New guidance on perplexing presentations and fabricated or induced illness in children

The RCPCH has today launched new guidance for paediatricians on Perplexing Presentations (PP), Fabricated or Induced Illness (FII) in Children. This updates the College’s 2009 guidance and aims to support paediatricians when involved with these sometimes very difficult cases.

The new guidance provides procedures for safeguarding children who present with PP or FII and best practice advice in the medical management of these cases to minimise harm to children.

The guidance updates definitions of FII and PP. The new and wider interpretation of FII includes any clinical situation where the parent or carer’s actions are aimed at convincing doctors and other professionals that a child is more seriously ill than is the case. In these circumstances, the parent or carer may be acting on erroneous beliefs about the child’s state of health or, in some cases, deceiving professionals.  There is a risk that the child will be directly harmed by the parent or carer’s behaviour but in some cases, and inadvertently, also by the medical team’s response. 

Dr Alison Steele, Officer for Safeguarding at the RCPCH, said 

It is very rare for parents or carers to deliberately induce illness in a child by, for example, poisoning them or withholding treatment. Most cases are based on incorrect beliefs or misplaced anxiety which, unchecked, can cause children to undergo harms ranging from missing school and seeing friends, to undergoing unnecessary and painful or even harmful tests and treatments. Paediatricians, and other professionals, have a duty of care to the child but, in almost every case, their work will form part of a collaborative approach which involves the parent or carer as well as the child.

This guidance is extremely important for paediatricians but we hope it will also be useful for those who work in the wider areas of child health, including GPs and others concerned with safeguarding of children, including social workers, police and education staff.

The guidance describes alerting signs that are not evidence of FII but are indications of possible FII. It makes clear that the focus must always be on the health and safety of the child and that, where these signs are associated with possible harm, they may amount to a safeguarding concern. Paediatricians must ascertain the actual, current state of the health of the child. This will involve listening, examining and investigating, and gathering information from all other professionals involved in the care of the child. It will be discussed with parents or caregivers, unless there is immediate risk to the child’s health or life. In these circumstances a referral to children’s social care or police is mandated as set out in existing national guidelines.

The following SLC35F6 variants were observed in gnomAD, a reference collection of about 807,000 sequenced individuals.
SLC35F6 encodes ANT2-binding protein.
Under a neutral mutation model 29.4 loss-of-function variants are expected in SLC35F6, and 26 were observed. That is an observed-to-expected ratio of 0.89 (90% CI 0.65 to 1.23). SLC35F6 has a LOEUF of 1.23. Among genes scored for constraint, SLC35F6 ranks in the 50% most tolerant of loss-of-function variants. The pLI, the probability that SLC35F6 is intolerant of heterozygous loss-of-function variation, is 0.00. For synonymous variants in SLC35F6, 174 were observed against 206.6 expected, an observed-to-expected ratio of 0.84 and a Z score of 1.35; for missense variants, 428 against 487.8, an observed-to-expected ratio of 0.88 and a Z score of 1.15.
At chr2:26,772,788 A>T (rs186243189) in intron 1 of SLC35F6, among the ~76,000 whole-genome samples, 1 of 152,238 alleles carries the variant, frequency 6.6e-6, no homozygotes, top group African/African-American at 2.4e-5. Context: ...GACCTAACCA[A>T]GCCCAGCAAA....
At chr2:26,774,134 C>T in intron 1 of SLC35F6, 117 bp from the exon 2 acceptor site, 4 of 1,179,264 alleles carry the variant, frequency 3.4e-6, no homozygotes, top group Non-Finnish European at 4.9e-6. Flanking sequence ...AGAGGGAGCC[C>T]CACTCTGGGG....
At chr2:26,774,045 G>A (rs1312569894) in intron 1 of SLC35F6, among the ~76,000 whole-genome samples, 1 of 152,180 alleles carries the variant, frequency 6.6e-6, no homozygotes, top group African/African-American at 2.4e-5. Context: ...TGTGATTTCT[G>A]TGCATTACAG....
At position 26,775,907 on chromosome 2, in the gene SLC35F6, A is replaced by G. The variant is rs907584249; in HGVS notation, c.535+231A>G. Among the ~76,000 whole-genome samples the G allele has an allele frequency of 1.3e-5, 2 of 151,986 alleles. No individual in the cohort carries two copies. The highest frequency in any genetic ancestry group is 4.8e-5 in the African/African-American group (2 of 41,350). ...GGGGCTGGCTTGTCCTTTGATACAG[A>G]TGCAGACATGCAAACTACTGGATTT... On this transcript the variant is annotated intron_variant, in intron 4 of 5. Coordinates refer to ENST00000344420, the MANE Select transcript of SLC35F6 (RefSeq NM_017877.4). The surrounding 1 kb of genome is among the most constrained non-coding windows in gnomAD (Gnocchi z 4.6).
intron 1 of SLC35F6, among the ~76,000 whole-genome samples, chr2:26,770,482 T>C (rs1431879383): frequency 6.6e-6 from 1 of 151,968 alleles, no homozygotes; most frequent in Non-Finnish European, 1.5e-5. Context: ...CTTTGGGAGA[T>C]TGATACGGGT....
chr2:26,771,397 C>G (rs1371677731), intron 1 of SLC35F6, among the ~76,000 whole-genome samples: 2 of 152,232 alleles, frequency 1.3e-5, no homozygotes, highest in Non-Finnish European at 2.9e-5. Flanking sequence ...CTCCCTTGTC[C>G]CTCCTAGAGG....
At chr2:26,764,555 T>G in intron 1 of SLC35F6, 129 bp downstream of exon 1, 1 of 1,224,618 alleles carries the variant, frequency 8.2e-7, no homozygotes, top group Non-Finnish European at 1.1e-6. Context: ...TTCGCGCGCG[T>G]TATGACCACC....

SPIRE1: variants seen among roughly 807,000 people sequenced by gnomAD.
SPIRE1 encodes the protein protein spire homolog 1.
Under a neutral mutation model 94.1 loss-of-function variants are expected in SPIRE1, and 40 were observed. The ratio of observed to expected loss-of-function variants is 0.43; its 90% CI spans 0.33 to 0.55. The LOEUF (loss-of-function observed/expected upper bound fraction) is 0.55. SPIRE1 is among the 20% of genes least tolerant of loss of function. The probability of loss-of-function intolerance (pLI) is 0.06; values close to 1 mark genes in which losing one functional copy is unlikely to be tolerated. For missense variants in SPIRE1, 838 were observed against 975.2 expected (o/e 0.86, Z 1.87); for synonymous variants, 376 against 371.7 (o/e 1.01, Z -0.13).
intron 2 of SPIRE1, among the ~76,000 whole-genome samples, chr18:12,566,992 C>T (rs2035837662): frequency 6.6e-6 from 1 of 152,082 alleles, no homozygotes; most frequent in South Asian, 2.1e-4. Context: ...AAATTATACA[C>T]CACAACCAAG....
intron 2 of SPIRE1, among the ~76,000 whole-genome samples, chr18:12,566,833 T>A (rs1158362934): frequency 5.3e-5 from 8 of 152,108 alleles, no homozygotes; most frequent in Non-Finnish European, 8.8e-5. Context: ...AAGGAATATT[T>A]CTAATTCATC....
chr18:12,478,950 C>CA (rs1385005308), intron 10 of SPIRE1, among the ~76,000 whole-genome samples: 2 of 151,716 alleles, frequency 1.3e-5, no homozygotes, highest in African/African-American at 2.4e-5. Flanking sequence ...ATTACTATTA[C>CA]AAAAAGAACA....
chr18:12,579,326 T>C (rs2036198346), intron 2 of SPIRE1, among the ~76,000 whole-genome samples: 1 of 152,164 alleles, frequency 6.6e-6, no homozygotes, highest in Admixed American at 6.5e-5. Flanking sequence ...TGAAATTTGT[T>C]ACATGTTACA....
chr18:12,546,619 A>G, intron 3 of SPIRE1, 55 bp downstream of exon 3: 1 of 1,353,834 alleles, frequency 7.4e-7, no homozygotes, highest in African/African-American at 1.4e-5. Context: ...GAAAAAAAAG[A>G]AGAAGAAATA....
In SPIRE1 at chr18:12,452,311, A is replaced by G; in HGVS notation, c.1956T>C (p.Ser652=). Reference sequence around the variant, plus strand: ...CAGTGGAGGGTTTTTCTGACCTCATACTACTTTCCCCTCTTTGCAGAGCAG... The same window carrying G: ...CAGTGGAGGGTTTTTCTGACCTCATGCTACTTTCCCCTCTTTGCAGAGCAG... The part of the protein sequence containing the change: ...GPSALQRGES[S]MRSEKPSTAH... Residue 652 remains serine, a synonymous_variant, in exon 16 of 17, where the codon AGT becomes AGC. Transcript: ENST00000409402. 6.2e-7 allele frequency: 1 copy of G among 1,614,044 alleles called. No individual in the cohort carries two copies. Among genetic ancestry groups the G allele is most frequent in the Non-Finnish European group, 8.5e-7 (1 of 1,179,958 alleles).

The process of investigation may find a full medical explanation which eliminates concerns about FII. However, when concerns remain, there may need to be referral to children’s social care. The aim is for the child to resume their normal life, with reduced medical intervention and a return to school and other activities. It is hoped that  parents or carers are supportive of this process to improve their child’s health and wellbeing. However, if it is thought that the child is at risk of significant harm a, referral will need to be made to CSC on the grounds of medical or other neglect, emotional or physical abuse.

The RCPCH convened an expert working group to develop this guidance, led by the RCPCH Officer for Child Protection and involving representative Consultants currently practising within the NHS and safeguarding. We also considered the limited published evidence on prevalence and management of FII. In the absence of published evidence, we relied on extensive consultation and expert consensus from those with extensive clinical experience of managing these conditions. 

The guidance has been subject to a thorough consultation period and views have been incorporated from a range of organisations and a number of commissioning groups and provider Trusts across the UK. The following agreed to be listed as having been consulted: 

  • RCPCH Child Protection Standing Committee 
  • The Child Safeguarding Practice Review Panel, Department for Education 
  • NHS England and Improvement 
  • British Medical Association 
  • General Medical Council 
  • Medical Defence Union 
  • Royal College of General Practitioners 
  • Royal College of Nursing 
  • Royal College of Psychiatrists 
  • British Society of Paediatric Endocrinology 
  • Young People’s Health Special Interest Group. 

The RCPCH also sought the views of senior social work practitioners.